David W. Pershing
Senior Vice President, Academic Affairs
University of Utah
BSChE '70

[David W. Pershing]

For his outstanding accomplishments in combustion research, teaching, and university administration, the Schools of Engineering are proud to present the Distinguished Engineering Alumnus Award to David W. Pershing.

On his Purdue experience

I lived in Wiley Hall for four years and was involved in student government in the dorm. I was president of the dorm's cinema club-Cleopatra was a bit hit, I remember. I was also president of Omega Chi Epsilon, the chemical engineering honorary society. I mainly remember how hard the workload was as a student. There was really no time to do much else besides study, although I'd try to go to the variety shows in the Hall of Music on football weekends. The whole world stopped for football weekends. Professor Bob Greenkorn was my mentor during my last two years, and he arranged summer jobs for me and my roommate at Exxon in Houston. I worked on fracturing problems in the oil field, and when I came back to campus, I did a research project on the same subject. Dave Kessler, my academic adviser, also had a profound influence on my life. I have very fond memories of him helping me figure out what courses to take.

On his turn toward environmental-pollution research

As a chemical engineering student, I imagined that I would complete my PhD with Professor Greenkorn at Purdue and go to work for a large oil company, doing research. The problem was the Vietnam War. I had a low draft number, and in the end, I spent three years as an officer in the Public Health Service. In those days the Public Health Service was providing line officers for what became the Environmental Protection Agency. I served in Cincinnati and North Carolina, working in air pollution research. That's how I got into air. Then I completed my doctorate at the University of Arizona, and I have worked on environmental pollution ever since.

On Personal and Professional involvements

On the personal side, I've been married to my wife, Dr. Lynn Kennard Pershing, for 21 years. She's a professor of dermatology at the University of Utah. We have a 14-year-old daughter, Nicole, and it's likely that she'll end up in a technical career. On the professional side, the most recent development is that I direct C-SAFE [the $20 million Center for Simulation of Accidental Fires and Explosions], which is part of the Accelerated Strategic Computing Initiative from the Department of Energy.

On teaching and research

Pershing Old Picture One of the things I love about being a professor-and I still teach, by the way-is working with young students and helping them grow in their lives. It's very important, as an administrator, to emphasize the importance of undergraduate teaching and research. People think of those as competing forces, but they go integrally together. At the University of Utah, we try to involve our undergraduate students in research, just as I was involved in research as an undergraduate at Purdue. Research makes the subject come alive, and students get a sense of why they're learning the formulas in the classroom. Research also keeps the faculty more current.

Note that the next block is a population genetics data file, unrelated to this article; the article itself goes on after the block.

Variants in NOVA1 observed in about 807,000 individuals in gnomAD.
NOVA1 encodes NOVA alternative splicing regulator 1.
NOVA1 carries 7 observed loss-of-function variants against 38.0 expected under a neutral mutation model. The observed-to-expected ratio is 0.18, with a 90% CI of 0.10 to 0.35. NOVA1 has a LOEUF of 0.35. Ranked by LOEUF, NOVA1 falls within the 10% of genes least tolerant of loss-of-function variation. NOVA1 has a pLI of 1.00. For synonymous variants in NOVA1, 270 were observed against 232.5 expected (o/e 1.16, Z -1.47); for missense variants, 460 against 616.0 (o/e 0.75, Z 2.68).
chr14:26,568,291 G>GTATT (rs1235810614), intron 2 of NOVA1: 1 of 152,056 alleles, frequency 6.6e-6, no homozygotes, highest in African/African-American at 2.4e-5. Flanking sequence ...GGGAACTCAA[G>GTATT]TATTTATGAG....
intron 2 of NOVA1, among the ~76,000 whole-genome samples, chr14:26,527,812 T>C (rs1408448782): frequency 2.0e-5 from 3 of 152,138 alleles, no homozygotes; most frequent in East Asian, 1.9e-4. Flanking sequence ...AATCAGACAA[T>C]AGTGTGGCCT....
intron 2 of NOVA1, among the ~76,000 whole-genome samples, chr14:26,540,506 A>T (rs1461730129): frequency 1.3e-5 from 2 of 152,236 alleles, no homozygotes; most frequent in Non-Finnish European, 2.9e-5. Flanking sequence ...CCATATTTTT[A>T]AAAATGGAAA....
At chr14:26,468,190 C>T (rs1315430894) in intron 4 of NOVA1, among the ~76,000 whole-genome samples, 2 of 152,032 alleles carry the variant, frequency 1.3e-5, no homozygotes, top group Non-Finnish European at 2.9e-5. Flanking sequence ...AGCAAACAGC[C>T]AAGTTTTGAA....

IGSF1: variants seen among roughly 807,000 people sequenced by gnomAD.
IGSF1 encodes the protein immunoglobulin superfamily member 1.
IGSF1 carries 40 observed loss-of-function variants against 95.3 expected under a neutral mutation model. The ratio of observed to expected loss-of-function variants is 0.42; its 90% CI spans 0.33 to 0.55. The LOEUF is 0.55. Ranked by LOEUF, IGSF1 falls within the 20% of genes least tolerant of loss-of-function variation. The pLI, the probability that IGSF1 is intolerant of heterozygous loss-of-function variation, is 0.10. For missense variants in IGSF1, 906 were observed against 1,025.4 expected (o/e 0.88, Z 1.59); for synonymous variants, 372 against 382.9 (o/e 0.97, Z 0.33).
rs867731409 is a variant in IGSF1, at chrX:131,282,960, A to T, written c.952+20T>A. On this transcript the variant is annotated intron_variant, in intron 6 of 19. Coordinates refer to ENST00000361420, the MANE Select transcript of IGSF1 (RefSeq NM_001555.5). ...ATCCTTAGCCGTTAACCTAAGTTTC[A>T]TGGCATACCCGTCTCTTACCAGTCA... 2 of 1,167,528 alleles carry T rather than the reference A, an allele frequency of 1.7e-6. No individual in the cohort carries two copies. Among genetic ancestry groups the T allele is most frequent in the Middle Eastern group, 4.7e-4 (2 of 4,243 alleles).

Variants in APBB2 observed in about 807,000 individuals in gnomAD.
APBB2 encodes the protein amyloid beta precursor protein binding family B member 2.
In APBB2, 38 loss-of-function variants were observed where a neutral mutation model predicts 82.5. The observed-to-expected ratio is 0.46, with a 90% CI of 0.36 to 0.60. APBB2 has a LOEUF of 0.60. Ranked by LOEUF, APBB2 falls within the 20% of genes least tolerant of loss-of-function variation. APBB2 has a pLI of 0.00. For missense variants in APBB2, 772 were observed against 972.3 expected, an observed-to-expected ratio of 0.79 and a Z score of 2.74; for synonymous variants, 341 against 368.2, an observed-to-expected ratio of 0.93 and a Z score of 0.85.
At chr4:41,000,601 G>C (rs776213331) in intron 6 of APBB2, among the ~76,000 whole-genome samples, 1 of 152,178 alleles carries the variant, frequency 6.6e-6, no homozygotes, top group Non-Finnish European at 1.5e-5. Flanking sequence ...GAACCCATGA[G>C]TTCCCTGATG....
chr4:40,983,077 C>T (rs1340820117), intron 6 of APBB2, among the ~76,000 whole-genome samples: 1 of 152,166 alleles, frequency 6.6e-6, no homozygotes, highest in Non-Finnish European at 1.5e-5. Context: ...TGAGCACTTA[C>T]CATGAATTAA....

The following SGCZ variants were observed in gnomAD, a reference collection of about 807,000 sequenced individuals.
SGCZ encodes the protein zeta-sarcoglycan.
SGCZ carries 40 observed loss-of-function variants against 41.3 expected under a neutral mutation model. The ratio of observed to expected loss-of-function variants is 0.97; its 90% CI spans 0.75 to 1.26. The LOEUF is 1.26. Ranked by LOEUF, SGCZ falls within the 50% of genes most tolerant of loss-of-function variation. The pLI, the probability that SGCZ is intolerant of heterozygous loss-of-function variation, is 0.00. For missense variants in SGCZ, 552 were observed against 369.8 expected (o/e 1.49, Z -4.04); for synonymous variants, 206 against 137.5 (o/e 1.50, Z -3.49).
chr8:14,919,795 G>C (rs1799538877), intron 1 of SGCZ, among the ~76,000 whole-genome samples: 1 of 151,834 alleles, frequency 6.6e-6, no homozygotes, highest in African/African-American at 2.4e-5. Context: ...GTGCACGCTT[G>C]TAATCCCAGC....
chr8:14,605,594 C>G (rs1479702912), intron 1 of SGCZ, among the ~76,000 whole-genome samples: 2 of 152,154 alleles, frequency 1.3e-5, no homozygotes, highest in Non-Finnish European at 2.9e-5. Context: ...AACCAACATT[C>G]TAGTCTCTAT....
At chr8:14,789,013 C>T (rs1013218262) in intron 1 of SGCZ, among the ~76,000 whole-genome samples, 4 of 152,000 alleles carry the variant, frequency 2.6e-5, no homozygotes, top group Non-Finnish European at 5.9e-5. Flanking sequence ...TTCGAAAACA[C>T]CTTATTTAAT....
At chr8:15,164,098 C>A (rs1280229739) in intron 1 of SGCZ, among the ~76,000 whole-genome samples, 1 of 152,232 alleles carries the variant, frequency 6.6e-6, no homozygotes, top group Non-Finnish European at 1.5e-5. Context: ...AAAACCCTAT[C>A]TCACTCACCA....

On challenges facing engineering education

The real issue that I see today is, How does higher education, and state universities particularly, stay competitive in what is becoming a tough marketplace? In the old days, Purdue was so clearly the engineering school for Indiana. Today, for-profit universities are springing up, and distance education is taking place. The thing that is not obvious is that a 10 percent decrease in enrollment at Utah, or at Purdue, would have a huge financial impact. Also, when I became dean of engineering at the University of Utah 11 years ago, there were no tenure-track women engineering professors in the entire state. That's clearly unreasonable. I worked hard to get women into real tenure-track positions, and succeeded. That to me was a very big issue-it's important to the state and to the future. And we're going to need to give students more biological training. They need to understand more of the life sciences, because so many will end up doing things that relate in some way to biology.
1998- :
Senior Vice President, Academic Affairs, University of Utah.
Director, C-SAFE.
Acting Vice President of Academic Affairs.
Rosenblatt Prize for Excellence, University of Utah.
Governor's Medal for Science and Technology (State of Utah).
1995- :
Distinguished Professor of Chemical and Fuels Engineering.
Distinguished Research Award, University of Utah.
Dean, College of Engineering.
Professor, Chemical Engineering and Fuels Engineering.
National Science Foundation Young Presidential Investigator Award.
Associate Dean of the Graduate School.
Associate Professor, Chemical Engineering and Fuels Engineering.
Distinguished Teaching Award, University of Utah.
Assistant Professor, Chemical Engineering, University of Utah.
Visiting Assistant Professor, Chemical Engineering, University of Arizona.
National Science Foundation Fellow.

BSChE '70, Purdue; PhD '76, University of Arizona.